Former Georgian President and now Ukrainian opposition politician Mikhail Saakashvili is in the center of a new political crisis in Ukraine, after he was first detained in his home in Kiev, and then he was freed by supporters. The attempt by policemen to move him for interrogation lead to clashes on the streets. The Ukrainian authorities asked Saakashvili to turn himself in the next 24 hours.
Masked officers took Saakashvili into custody in his apartment building in the Ukrainian capital earlier Tuesday, as protesters rallied outside in his support. At one point, the former Odessa governor climbed on the building’s rooftop to address them. He also threatened that he will jump from the roof, before he was subdued by special forces. The reason for his detention is suspicion of assisting a criminal organisation. He could face up to five years if found guilty.
The van in which authorities attempted to transport him was blocked by protesters, who held it up for hours. In the end, the leader of dragged out of the vehicle. Once free, he repeated his calls for protests against Ukrainian President Petro Poroshenko. With one hand in handcuffs and surrounded by hundreds of people, Saakashvili urged his supporters to march to the Ukrainian parliament.
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“I urge you to start a peaceful protest to remove Poroshenko. You should not be afraid of anything,” Saakashvili told the crowd, according to Reuters.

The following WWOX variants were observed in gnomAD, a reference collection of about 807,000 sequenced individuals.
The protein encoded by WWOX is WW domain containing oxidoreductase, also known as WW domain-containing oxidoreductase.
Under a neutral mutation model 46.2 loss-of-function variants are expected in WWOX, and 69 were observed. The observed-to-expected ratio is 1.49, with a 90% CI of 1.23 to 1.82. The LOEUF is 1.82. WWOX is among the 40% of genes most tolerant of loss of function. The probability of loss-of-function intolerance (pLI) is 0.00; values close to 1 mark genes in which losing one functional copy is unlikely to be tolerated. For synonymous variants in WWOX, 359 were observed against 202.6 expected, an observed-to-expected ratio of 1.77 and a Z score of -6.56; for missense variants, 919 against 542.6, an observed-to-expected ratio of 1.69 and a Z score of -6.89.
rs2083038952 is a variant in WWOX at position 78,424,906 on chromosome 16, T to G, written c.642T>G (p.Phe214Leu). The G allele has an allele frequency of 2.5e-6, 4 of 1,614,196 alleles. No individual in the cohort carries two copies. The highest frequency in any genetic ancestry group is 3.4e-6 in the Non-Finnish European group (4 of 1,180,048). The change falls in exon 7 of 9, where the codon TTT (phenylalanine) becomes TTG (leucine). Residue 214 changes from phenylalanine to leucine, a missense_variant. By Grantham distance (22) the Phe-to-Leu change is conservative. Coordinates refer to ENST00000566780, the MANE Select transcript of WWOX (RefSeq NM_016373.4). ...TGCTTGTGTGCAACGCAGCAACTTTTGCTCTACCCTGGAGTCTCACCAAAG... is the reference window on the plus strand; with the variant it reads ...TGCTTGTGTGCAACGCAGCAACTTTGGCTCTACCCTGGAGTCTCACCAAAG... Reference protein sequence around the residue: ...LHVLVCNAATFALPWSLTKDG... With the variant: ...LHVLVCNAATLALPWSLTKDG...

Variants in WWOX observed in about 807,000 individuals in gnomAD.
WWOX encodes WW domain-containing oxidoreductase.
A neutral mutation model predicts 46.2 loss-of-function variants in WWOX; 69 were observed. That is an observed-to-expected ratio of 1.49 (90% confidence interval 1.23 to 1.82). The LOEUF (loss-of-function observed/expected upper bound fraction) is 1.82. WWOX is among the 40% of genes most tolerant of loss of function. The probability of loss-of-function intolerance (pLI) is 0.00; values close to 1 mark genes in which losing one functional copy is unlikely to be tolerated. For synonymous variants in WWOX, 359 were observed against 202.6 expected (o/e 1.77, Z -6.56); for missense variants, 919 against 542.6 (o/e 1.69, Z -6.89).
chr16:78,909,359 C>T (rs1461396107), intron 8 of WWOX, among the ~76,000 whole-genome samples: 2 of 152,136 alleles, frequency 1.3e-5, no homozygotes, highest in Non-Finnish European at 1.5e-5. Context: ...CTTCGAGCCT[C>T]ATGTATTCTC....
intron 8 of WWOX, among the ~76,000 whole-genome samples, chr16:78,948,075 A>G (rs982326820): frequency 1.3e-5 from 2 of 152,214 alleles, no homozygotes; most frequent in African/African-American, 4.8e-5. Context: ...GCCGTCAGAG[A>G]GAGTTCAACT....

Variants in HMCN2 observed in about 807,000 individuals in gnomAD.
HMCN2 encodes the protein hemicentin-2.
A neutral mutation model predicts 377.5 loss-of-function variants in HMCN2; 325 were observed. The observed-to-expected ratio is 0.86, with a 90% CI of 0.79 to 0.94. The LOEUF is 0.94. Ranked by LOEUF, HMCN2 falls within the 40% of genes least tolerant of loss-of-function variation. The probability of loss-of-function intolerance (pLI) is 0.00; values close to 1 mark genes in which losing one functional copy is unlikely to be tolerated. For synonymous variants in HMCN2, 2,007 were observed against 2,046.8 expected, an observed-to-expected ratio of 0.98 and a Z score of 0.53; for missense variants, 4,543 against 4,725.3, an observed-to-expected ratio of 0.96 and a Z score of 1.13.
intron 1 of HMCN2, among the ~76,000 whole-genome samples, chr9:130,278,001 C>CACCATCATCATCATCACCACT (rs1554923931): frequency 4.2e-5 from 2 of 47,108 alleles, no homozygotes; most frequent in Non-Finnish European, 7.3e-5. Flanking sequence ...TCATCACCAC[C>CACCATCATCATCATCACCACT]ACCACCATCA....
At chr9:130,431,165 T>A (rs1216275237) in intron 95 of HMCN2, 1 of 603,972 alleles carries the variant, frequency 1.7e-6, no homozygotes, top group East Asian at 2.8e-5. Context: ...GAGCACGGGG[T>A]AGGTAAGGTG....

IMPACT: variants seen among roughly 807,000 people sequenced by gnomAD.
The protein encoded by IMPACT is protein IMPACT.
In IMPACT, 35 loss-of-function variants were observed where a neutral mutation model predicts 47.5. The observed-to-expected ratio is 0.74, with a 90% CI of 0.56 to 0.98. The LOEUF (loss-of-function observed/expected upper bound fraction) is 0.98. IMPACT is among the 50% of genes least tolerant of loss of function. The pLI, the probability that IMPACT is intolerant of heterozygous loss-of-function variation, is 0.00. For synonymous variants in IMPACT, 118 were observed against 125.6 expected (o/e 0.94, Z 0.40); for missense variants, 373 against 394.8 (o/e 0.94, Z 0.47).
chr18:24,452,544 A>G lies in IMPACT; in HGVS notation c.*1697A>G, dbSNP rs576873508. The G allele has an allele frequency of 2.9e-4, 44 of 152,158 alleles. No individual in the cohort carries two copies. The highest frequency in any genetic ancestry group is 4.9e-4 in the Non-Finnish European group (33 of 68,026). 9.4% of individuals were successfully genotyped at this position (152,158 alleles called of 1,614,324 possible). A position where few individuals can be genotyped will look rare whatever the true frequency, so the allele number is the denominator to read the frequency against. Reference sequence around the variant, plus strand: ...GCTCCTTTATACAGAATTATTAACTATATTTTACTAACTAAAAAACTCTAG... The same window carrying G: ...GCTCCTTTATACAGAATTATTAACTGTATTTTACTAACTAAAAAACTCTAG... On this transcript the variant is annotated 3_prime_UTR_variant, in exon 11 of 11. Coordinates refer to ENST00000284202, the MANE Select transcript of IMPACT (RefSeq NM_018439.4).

Saakashvili gets 24 hours to surrender
Prosecutors said they would make all efforts to regain custody of Saakashvili but the chaotic scenes of his detention and escape are likely to undermine the image of stability that Ukraine’s leadership are keen to present to foreign backers.
“All legal grounds for his detention have been established,” spokesman Andriy Lysenko said.
The detention was the latest twist in a prolonged feud between the Ukrainian authorities and Saakashvili, who was invited by Poroshenko to become a regional governor after the ‘Maidan’ protests ousted a pro-Russian president in early 2014.
New twist in a drama
Tuesday’s high-tension drama is the latest episode in the unlikely political rise and subsequent fall of a now-stateless former president, the Washington Post writes. Both celebrated and feared, the anti-Russian Saakashvili built political careers in two countries but may now face charges in both places. He was the Georgia’s President from 2004 to 2012, and he was charged with financial crimes. In 2015, he became an ally of Poroshenko, who gave him the Ukrainian citizenship and made him the governor in Odessa. He was forced to rescind his Georgian citizenship in the process.
The relationship with Poroshenko soured however, with the opposition politician accusing him of not doing enough to fight corruption in Ukraine. the Ukrainian President made a decision to take Saakashvili’s citizenship in July of this year.
“What’s going on in Kiev today is Ukraine’s headache. You wouldn’t want to wish that guy on your worst enemy,” responding to Tuesday’s developments, Kremlin spokesman Dmitry Peskov said.